Bernard Ross (Baritone)
Edith James (Entertainer at the Piano)
The Norris Stanley Pianoforte Sextet
Conducted by Norris Stanley
This, a comparatively early work of the brilliant French composer Debussy, was originally a pianoforte duet.
The first of the four movements is a Barcarolle, a boating tune. in which a solo flute plays the main tune at the beginning. There is a middle section in a more virile rhythm, after which the first tune is heard again, played now by the violin.
The second movement is called 'Procession.' Two flutes begin this, to be followed soon by the oboes and other winds until at last the whole orchestra is playing it. Here, again, there is a contrasting middle section. and when the first tune returns, on the flutes as at first. the violins play the time of the middle section as an accompaniment to it.
A Minuet follows, dainty and graceful, the tune being shared, to begin with. by violin. flute, clarinet, oboe and English horn. The bassoon has an amusing part in the middle section, after which we hear the first part once more.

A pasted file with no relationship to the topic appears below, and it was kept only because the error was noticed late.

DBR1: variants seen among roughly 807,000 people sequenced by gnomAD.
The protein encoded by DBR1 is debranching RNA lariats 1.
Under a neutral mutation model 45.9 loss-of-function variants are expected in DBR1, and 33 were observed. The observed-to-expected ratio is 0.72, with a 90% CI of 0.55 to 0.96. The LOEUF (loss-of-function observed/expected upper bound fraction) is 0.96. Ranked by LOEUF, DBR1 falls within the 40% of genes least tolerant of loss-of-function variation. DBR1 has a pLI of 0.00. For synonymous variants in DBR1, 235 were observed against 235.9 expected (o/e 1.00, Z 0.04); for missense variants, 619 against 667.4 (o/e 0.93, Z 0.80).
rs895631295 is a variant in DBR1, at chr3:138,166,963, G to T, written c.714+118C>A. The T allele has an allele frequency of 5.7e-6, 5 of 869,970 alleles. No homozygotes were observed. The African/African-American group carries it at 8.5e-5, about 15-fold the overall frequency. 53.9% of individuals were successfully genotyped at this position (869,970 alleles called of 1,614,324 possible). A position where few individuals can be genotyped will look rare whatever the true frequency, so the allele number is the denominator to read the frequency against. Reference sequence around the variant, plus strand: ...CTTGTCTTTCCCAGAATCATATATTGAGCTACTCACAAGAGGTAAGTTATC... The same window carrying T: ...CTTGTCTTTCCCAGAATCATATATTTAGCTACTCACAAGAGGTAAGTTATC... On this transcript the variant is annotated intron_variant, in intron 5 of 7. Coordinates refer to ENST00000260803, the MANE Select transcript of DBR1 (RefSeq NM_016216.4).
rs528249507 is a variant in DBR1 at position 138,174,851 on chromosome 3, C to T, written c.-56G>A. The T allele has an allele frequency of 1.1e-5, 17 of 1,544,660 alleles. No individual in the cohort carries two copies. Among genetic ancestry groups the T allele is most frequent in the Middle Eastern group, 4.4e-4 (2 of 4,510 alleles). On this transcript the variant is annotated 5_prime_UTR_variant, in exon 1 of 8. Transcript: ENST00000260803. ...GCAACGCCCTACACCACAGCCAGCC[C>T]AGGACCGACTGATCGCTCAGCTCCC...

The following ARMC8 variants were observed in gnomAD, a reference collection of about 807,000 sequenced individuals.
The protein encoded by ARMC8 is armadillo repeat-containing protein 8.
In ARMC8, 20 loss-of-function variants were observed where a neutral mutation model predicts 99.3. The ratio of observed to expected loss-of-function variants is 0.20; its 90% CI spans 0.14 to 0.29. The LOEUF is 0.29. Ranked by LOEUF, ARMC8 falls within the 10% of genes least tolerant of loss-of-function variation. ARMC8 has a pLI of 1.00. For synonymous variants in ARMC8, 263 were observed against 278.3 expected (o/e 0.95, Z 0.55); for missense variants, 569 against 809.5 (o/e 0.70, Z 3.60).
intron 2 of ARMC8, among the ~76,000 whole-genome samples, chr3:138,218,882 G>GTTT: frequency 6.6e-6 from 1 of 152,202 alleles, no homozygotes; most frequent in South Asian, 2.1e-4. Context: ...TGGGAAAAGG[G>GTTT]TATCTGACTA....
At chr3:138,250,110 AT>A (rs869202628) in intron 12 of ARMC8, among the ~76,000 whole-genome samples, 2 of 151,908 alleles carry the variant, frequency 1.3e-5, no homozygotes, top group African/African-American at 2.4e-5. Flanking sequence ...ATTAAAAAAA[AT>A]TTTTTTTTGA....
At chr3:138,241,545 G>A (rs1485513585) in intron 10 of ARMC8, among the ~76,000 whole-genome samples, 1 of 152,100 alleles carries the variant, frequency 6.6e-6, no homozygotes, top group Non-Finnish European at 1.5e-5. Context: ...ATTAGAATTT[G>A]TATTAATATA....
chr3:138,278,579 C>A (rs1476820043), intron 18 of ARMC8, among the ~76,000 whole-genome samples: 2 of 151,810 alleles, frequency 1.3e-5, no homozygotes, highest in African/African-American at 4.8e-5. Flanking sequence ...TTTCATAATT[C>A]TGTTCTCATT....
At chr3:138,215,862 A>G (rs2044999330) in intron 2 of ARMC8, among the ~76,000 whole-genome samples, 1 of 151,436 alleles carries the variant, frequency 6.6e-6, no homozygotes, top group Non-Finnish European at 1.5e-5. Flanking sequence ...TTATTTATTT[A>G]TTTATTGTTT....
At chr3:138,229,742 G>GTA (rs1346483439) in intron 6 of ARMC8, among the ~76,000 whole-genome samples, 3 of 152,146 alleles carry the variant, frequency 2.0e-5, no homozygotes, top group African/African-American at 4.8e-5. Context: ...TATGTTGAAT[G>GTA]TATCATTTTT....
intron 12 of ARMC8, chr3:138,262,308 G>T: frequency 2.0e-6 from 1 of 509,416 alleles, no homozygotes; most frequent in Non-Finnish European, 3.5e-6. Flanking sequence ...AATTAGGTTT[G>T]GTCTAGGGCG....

The last movement is a lively Ballet. The strings begin the tune. and then the winds take their place, after which the whole orchestra repeats it. A waltz breaks in, as middle section, and when the original tune is heard at the end, we hear the tune of the waltz along with it.
Entertainer at the Piano
Well and honourably known not only in his own country, but a broad, too, as a composer of many really beautiful songs. Roger Quilter is no less thoroughly at home in composing for the orchestra.
These Three English Dances, a fine example of his melodious and graceful style, are scored for quite a small orchestra. A comparatively early work. it made its first appearance at a 'Prom' in 1910.
Songs at the Piano